Sydney Theatre Company has announced its 2002 program: a diverse collection including European and American classics, new Australian works, tragedy, comedy and mystery. Maybe mayhem in the real world creates the conditions for expansion in the illusory world of theatre.
Robyn Nevin not only presides over all as Artistic Director, but she also acts - as the fading Southern Belle Amanda Wingfield in Tennessee Williams' The Glass Menagerie, directed by Jennifer Flowers - and directs: Hanging Man by Andrew Upton, a new study of Australian identity as the three sons of a legendary Australian painter come home for the funeral; and a new adaptation by STC's resident writer Beatrix Christian of A Doll's House by Henrik Ibsen.
The choice of Nevin to run STC seems to work in all directions. After a strong showing this year, she announces not only 3 "artform development" productions in the Wharf 2 Blueprints season: Wesley Enoch and Deborah Mailman's The Seven Stages of Grieving (Aug-Sep), Benjamin Winspear's adaptation of Shakespeare's Macbeth (May-Jun), and the Australian premiere of David Tushingham's translation of Mr Kolpert by David Gieselmann (Feb); but also 11 mainstage productions, plus the presentation of Theatre de Soleil showing The Flood Drummers by Helene Cixous in the Sydney Festival (Jan); and the construction of a new theatre at Walsh Bay for 2003, with expanded commercial opportunities for the company; and the news that private sector support is growing to the point that in 2002 more funds will come from private sources than from Government for the first time in STC's history.
Even the website (www.sydneytheatre.com.au) is expanding, though chunks of it are still under construction at this stage. But you can now book tickets directly.
Productions are: A Man With Five Children by Nick Enright, a drama starring Steve Bisley (Jan-Feb); The Lady in the Van by British writer Alan Bennett, a poignant comedy starring Ruth Cracknell (Jan-Mar); A Doll's House by Ibsen who wrote "For me it has been a question of human rights ... my task has been the portrayal of human beings", starring Miranda Otto(Mar-Apr); Soulmates by David Williamson, a new comedy in "a world where, highbrow and lowbrow, the prizes of critical acclaim and literary immortality provoke greed, envy and competitive passions", starring Amanda Muggleton (Apr-Jun); the Australian premiere of Copenhagen by British playwright Michael Frayn, a play about loyalty in Nazi-occupied Denmark - to family, country and science's quest for knowledge - starring Colin Friels, John Gaden, Jane Harders (May-Jun).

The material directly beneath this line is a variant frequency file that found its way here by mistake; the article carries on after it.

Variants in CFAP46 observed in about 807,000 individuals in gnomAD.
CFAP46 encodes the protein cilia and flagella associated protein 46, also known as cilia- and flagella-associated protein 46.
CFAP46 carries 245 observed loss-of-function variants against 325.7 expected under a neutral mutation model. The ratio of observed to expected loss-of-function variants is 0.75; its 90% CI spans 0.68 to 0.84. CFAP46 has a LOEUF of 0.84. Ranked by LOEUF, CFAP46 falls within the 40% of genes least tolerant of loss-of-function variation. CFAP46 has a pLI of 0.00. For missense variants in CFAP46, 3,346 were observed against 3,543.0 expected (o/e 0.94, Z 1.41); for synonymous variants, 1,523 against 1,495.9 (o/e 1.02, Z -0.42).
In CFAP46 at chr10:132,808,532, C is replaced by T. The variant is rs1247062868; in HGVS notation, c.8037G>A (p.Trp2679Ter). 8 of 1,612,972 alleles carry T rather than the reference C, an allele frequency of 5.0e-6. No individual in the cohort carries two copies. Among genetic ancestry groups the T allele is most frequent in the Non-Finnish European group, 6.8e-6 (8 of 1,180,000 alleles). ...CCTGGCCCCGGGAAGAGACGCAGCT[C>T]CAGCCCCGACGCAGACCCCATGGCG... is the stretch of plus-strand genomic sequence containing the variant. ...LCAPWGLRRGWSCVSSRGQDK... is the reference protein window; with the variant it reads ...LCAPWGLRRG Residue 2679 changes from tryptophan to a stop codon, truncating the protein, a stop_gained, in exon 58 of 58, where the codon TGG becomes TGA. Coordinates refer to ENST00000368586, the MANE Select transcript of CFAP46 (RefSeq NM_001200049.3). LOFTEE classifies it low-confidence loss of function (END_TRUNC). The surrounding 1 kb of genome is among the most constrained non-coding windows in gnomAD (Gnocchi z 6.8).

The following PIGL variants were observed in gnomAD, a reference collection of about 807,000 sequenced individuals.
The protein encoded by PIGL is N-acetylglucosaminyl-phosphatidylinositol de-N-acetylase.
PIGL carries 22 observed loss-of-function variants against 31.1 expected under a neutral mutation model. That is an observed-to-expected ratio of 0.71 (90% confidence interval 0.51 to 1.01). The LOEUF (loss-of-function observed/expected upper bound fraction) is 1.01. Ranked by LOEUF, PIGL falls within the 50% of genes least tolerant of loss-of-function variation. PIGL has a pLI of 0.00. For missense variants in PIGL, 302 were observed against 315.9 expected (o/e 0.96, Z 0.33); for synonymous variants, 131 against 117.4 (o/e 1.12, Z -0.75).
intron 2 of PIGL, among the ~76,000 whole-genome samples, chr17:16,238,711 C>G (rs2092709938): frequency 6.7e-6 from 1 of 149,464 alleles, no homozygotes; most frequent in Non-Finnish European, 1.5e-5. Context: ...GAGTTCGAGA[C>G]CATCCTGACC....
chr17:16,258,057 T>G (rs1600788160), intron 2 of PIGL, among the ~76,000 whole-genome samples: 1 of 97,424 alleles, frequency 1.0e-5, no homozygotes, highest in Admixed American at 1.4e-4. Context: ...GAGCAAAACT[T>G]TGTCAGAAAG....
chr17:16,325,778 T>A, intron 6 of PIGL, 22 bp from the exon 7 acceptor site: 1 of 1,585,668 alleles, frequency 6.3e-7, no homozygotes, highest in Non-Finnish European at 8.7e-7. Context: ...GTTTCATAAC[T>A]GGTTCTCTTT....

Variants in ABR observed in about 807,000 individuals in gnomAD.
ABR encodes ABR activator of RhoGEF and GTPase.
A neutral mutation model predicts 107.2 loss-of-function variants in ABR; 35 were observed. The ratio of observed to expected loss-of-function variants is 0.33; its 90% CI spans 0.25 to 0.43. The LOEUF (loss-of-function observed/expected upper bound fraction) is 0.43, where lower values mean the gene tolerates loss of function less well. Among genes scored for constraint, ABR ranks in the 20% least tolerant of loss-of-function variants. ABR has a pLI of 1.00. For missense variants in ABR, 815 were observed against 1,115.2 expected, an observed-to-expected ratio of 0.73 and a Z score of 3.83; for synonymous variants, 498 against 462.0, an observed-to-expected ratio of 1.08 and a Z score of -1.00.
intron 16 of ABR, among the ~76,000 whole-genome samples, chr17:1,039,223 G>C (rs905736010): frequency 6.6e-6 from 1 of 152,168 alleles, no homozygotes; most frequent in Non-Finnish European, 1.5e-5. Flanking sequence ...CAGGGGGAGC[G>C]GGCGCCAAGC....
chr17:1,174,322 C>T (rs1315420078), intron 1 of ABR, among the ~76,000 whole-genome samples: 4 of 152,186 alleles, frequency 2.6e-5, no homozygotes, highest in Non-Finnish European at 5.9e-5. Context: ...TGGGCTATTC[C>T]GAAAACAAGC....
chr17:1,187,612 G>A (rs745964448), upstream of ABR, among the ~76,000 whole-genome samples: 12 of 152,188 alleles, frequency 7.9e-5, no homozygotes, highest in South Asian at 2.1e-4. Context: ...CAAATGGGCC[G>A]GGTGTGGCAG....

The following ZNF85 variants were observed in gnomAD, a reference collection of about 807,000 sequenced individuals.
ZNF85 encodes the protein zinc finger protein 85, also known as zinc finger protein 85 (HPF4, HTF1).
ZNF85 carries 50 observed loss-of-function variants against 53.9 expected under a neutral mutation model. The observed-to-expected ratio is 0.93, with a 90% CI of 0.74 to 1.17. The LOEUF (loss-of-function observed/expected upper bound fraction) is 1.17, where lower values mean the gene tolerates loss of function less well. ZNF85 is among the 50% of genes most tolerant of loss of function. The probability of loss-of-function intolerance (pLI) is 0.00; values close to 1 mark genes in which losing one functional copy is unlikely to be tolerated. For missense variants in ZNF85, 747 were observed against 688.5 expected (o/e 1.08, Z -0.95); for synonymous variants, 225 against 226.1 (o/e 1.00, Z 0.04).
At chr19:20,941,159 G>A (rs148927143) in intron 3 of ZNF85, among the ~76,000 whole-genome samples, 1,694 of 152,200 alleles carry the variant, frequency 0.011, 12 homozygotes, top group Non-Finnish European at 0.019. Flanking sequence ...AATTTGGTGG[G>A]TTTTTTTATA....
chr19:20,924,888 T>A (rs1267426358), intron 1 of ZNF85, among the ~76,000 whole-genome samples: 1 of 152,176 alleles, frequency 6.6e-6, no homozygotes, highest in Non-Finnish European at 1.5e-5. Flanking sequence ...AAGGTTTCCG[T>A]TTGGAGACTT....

And for the second half of the year: Volpone by Ben Jonson, the classic comedy of avarice, starring Barry Otto (Jun-Jul); The Virgin Mim, a new play by Tony McNamara commissioned by STC, a "tidal wave of comic mayhem" about a reconstructed virgin (Aug-Sep); Hanging Man by Andrew Upton (Aug-Oct); Life is a Dream by 17th Century Spanish writer Pedro Calderon de la Barca, a classic poetic study of a woman disguised as a man who falls in love with a prince who believes he's a slave (Sep-Oct); the 20th Century American classic The Glass Menagerie by Tennessee Williams, "an exquisite hymn to lost love and our need to believe in possibility", starring Robyn Nevin (Oct-Dec); Great Expectations by Charles Dickens adapted by Simon Phillips, a Melbourne Theatre Company production starring Angela Punch McGregor (Oct-Dec).
There is also the Sydney Theatre Company Education Program which includes Schoolsdays at mainstage productions, the Blueprints production of Macbeth, the Theatre-In-Practice program for teachers and students to access the professional resources and skills of STC, and the STC-The Sydney Morning Herald Young Playwrights' Award. Email firstname.lastname@example.org or phone the Education Manager (02) 9250 1700.
And finally, the Patrick White Playwrights' Award is a national competition which aims to encourage and reward the creation of new writing for the theatre of highest quality. The inaugural award, launched in July 2000, was shared by Bette Guy (The Other Side of the Lake), Ailsa Piper (Small Mercies) and Ben Ellis (Who Are You, Mr James?). The award is part of the STC Writer's Program which in 2002 has spawned The Virgin Mim, Hanging Man and the adaptations of Life is a Dream, A Doll's House and Macbeth.
What we are seeing from the Sydney Theatre Company is an integrated and well-directed offering to the whole community. The 2002 program is an intelligent mix which should make for an exciting theatrical year in Sydney.
© Frank McKone M.A., F.A.C.E.
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